During the preceding week he and Bennet had discussed the issue of the lost communication with Orion, like most everyone else; and much like everyone else, hammered over the question of what could have caused a systemic ship-wide shutdown of the Orion.  Neither men, nor anybody else had a clue; speculation only fueled their ignorance.  But now Moreland had offered up some new information.

“You say we severed communication with Orion?  The rumor is that Orion ceased transmitting.”  Bennett asked, suddenly interested.  He had felt all along that Moreland was here on the Maryland to exact some undue punishment to Harville that she felt he had somehow slipped out off under Tilney’s patronage.

“I’ll get to that in a minute.” she answered quietly, drawing a hand over her hair, pushing back stray strands and tucking them under her pony-tail.  Catherine Moreland looked tired.

Harville spoke carefully.  “I’ve taken Bennett here into my confidence.  While I have not discussed the details, I have briefed him on the issue.”

“You’re speaking of the anomalous orbit?”  Moreland offered.

“Yes.”  Harville waited for her response.  He expected outrage at his discussing of top secret information with non-Fleet personal but her demeanor remained calm, resigned almost.  That in itself spoke volumes.  The situation was serious, protocol it seemed, was the last thing on Catherine Moreland’s mind.  He sighed quietly to himself and then continued.  “Has a correction been affected?” he asked.

“No.”  Moreland said, stony-faced.  “We are at a loss for a solution.  The Orion has not responded to any input.  It was as you initially supposed — that the ship had been hardwired to enter an ever increasing oblate orbit about the central axis.  We believe that our software and hardware was designed specifically to mask the errant behavior.  We dispatched a young Lieutenant to the Bethlehem to find proof of this but we lost contact with him only after a few days into the mission.”  Here she stopped, hanging her head; hiding her eyes.

“What of Tilney?  What does he know?”  Harville asked full well knowing that he had told the Fleet Chairman far more than Catherine Moreland knew he had.  But he asked the question more to draw her out, seeing how much she understood.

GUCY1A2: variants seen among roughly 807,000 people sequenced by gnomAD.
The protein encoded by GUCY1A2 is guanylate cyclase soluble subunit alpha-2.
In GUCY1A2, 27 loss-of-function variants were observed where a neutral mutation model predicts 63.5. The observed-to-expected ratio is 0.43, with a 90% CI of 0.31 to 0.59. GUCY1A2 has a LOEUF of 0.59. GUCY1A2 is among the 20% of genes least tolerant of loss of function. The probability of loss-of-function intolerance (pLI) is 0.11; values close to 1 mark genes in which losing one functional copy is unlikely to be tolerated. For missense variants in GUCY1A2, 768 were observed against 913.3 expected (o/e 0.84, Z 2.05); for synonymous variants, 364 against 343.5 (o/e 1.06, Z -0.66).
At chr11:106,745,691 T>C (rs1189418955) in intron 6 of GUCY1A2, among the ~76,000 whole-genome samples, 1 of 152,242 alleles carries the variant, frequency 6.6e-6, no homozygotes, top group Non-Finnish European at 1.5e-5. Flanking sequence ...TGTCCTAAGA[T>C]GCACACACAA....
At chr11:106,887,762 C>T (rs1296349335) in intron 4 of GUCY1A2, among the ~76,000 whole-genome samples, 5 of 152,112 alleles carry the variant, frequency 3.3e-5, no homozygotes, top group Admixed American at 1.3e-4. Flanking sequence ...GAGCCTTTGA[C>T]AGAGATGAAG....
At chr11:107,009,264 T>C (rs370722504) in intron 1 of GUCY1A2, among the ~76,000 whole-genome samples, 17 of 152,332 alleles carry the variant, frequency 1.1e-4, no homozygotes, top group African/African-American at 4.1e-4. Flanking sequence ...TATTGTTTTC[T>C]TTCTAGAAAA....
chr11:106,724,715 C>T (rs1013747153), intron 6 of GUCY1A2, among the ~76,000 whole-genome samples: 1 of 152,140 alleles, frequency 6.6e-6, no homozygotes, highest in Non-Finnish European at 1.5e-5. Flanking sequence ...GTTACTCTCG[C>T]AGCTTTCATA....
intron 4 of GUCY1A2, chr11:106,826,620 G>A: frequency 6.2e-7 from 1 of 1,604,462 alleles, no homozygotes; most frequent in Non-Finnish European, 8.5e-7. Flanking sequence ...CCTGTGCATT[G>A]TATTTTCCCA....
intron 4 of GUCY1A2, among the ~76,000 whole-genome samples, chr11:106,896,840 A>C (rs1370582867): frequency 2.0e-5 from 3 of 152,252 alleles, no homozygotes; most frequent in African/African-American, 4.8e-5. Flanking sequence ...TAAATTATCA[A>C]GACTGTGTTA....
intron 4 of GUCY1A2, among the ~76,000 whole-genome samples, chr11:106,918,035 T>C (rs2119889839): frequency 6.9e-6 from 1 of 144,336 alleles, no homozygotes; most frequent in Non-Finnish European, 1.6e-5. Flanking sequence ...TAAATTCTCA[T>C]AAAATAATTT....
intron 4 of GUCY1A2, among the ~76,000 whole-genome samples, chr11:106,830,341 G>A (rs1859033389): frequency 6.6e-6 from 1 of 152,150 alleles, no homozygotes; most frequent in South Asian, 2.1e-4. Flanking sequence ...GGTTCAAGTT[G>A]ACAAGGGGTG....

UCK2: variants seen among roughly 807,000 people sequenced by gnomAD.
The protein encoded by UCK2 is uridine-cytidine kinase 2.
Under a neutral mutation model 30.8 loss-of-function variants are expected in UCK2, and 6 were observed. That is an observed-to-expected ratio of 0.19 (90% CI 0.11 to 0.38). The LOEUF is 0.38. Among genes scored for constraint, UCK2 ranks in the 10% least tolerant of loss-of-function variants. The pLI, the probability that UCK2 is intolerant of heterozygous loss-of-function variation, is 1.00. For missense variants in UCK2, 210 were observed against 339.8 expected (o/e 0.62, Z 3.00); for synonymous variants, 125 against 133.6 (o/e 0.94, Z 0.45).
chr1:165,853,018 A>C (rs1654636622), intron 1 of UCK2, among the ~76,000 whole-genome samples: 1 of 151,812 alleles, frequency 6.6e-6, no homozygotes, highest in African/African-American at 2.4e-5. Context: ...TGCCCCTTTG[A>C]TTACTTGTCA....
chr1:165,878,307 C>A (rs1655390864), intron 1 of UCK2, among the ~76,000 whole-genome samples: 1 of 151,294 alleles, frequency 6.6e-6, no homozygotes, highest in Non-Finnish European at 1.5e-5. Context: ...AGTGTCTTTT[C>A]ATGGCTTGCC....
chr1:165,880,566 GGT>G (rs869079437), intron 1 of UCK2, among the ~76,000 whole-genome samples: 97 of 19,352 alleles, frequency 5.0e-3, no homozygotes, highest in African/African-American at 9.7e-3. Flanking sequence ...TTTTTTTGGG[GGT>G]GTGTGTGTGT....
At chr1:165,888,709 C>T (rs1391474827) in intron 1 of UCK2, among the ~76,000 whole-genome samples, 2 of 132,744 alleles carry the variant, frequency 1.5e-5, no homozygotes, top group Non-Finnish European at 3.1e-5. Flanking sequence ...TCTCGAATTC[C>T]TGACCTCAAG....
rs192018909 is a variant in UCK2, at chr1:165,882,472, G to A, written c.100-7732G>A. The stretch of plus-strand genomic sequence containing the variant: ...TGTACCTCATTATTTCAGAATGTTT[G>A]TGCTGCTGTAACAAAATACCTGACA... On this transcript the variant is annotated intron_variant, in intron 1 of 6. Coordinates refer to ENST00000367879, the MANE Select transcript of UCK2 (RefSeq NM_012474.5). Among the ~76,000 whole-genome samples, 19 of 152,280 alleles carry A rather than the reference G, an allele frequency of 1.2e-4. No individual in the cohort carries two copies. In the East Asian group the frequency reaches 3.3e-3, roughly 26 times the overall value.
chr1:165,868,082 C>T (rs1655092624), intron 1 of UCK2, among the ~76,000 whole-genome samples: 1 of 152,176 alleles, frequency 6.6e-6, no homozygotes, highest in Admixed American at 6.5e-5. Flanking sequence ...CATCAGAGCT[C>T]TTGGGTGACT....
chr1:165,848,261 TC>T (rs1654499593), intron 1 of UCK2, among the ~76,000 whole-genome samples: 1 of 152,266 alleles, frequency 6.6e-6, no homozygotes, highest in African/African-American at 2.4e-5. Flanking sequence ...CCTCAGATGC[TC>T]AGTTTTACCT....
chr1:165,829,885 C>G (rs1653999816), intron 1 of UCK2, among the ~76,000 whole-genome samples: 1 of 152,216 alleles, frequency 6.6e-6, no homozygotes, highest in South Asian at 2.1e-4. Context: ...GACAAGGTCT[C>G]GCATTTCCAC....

“He thinks it’s a Slug attack.”  Moreland looked up at Thorpe, “where is he now.”

“Last we heard he docked at the Aristotle.  Our intelligence stops there though.  Not too much gets out of there.”

For a moment nobody spoke; everyone pondering the Supercentenarians and their odd occupation.

Bennett broke the silence.  “Could it be a Slug attack?”

Harville answered, “…possible — but unlikely.  A Slug invasion would be more obvious.  They are not devious or stealthy creatures.  The change in the Orion’s orbit appears predestined by our makers.  I know no reason for it.  But once you eliminate the idea of invasion then that is all you are left with.”

“I agree.”  Moreland added bluntly, but added nothing more.

Thorpe interjected, “Why would our makers design such a thing?  It makes no sense.”

Moreland said, “–that’s the question isn’t it.  We are within a hundred years of the halfway point between Earth and Pleiades.  Perhaps it is a test of merit?”

Merit? Surely you jest Ma’am?  To what end?”  Bennett exclaimed.

“Then I haven’t a clue.  All I really know is that Harville here,” she waved her hand in Harville’s direction, “–was the first to experience the bizarre behavior that appears to have now settled upon the whole of the Orion after which…” she paused for a moment, collecting her thoughts, added,  “—after an absence of some months, you appear to be back to normal.  But, at the time… Well, I didn’t know what to think.”

Harville cleared his throat.  He realized that was about as close as Catherine Moreland would ever come to an apology for her heavy-handed treatment of him.  “Thank you Ma’am.  But it might be best if you bring us up to speed on Orion’s real situation.  It may help me to frame my answer better.”